On Scoring Wine

On Scoring Wine

You may have noticed that, unlike many other wine shops and web sites, we don’t spend a lot of energy talking about scores and points.

First, let me say that, in my opinion, there’s nothing wrong with judging wine and summarizing your judgment with a numeric score.  The fact is, some wine is better than other wine.  And some wine is a lot better than other wine, while sometimes it’s pretty close.  Rather than use words like “a lot” or “pretty close”, it’s OK to use numbers to represent those thoughts.

Maybe you like a scale out of 5, and the number 5 means really awesome and 3 means it’s pretty good and 1 means it sucks.  That’s just fine.  A 100 point scale (which is really more like a 20 point scale since almost all scores lie between 80 and 100) is just a more finely tuned version of that 5 point scale.  It allows you to say things, in shorthand form, like “this wine is a teeny-tiny bit better than that wine” which can be pretty useful.

So again, feel free to score the wines that you taste.

So where are all the scores in our shop?  We simply don’t like to emphasize points awarded by journalists.  Too often, they are given in a context that are uninformative and even misleading.

For example, there is one magazine that awards points by having journalists taste numerous bottles of wine in a row blind.  Blind tasting can be a fun and educational activity.  But it’s a poor way of judging wine.  Our senses work in the context of our mind and our memory.  When we recognize, from a label, that a bottle of wine is Chambolle Musigny, our nose and our palate will look for particular things — perhaps subconsciously — that are typical of Chambolle Musigny.  We are much more likely to find the Chambolle Musigny qualities that make the wine special if we know that the wine is Chambolle Musigny.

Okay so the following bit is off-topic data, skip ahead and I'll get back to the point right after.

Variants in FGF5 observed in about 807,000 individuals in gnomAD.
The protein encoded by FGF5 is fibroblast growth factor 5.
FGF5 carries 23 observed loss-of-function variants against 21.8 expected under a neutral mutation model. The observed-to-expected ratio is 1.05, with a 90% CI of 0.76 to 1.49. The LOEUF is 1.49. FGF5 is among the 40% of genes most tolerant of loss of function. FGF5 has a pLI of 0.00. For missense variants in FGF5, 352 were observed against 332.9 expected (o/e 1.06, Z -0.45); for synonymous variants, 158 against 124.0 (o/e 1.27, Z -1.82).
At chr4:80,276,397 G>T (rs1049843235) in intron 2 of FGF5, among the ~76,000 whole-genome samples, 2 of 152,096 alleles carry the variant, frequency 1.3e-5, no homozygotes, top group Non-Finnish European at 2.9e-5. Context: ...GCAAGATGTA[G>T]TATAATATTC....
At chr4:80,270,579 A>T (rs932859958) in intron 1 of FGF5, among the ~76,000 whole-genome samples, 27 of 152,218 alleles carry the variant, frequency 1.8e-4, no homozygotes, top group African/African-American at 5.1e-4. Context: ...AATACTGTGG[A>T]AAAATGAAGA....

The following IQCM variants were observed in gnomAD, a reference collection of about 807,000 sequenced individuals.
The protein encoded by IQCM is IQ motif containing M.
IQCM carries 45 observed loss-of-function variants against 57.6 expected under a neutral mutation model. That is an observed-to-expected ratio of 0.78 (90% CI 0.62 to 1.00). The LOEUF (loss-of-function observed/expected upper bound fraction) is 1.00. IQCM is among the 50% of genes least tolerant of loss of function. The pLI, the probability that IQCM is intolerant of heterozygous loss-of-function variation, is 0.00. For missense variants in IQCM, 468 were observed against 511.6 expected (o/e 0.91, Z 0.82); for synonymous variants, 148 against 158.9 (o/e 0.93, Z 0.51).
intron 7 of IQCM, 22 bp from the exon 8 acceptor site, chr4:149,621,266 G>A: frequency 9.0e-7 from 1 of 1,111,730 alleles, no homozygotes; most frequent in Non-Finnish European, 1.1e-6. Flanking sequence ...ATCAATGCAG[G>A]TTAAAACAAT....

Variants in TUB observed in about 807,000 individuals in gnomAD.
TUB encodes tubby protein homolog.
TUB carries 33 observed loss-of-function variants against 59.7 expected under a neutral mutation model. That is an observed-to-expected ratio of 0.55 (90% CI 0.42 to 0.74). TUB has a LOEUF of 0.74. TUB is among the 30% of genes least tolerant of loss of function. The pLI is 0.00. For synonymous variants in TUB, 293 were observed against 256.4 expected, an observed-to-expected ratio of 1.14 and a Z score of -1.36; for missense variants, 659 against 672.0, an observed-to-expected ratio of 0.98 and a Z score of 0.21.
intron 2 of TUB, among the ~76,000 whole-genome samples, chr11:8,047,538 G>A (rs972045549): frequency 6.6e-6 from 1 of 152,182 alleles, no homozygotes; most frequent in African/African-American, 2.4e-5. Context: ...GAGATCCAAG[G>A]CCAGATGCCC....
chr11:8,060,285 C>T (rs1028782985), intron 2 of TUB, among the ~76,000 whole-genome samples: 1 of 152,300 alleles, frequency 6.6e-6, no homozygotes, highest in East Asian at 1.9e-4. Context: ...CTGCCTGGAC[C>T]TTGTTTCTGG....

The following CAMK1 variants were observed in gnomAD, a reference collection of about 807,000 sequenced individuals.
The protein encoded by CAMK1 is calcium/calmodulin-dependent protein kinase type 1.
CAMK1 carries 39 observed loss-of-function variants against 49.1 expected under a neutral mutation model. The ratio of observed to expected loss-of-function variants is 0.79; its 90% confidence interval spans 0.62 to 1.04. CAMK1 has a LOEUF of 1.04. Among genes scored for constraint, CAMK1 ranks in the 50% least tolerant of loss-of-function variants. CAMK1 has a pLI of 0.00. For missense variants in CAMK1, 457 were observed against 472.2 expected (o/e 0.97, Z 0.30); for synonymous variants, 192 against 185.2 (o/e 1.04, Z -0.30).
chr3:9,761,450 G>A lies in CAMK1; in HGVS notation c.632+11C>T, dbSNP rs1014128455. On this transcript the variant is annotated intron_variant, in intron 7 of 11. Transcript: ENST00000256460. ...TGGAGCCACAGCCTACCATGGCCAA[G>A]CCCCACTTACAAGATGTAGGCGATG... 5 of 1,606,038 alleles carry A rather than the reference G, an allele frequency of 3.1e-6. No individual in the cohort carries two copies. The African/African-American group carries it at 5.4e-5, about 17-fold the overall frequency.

And if we know the age of the wine, we will also judge it in the context of its age.  For example, many Burgundies are shut down at around the age five.  If we taste a shut down Burgundy but have not seen the label, we might not know that it is likely in a shut down phase and therefore we’re likely to punish it with a lower score.

Even when wine is not tasted blind, it is, necessarily — as these are publications that want to provide data on hundreds of different bottlings — tasted in small amounts and at the same time that many other bottles are being tasted.  This is a very different experience from simply taking a bottle home and drinking it with dinner.  Wine evolves in the glass.  It interacts with food.  It improves — or declines — in your cellar.  These are not things that can be assessed in a sip or two.

Inevitably, when wines are lined up and tasted blind, tasters assign higher scores to wines with more sweetness, more alcohol and more oak.  These are exactly the kinds of wines that may give a jolt of pleasure on a single sip, but that the palate will find very tiring after only half a glass.  When I go to wine dinners, it is often these wines that get left only half drunk on the table.  They simply don’t deserve the high scores they get.

So it’s fine to use numbers as a way of summarizing your feelings about a wine.  But using journalist scores to shop for wine is not a good idea at all.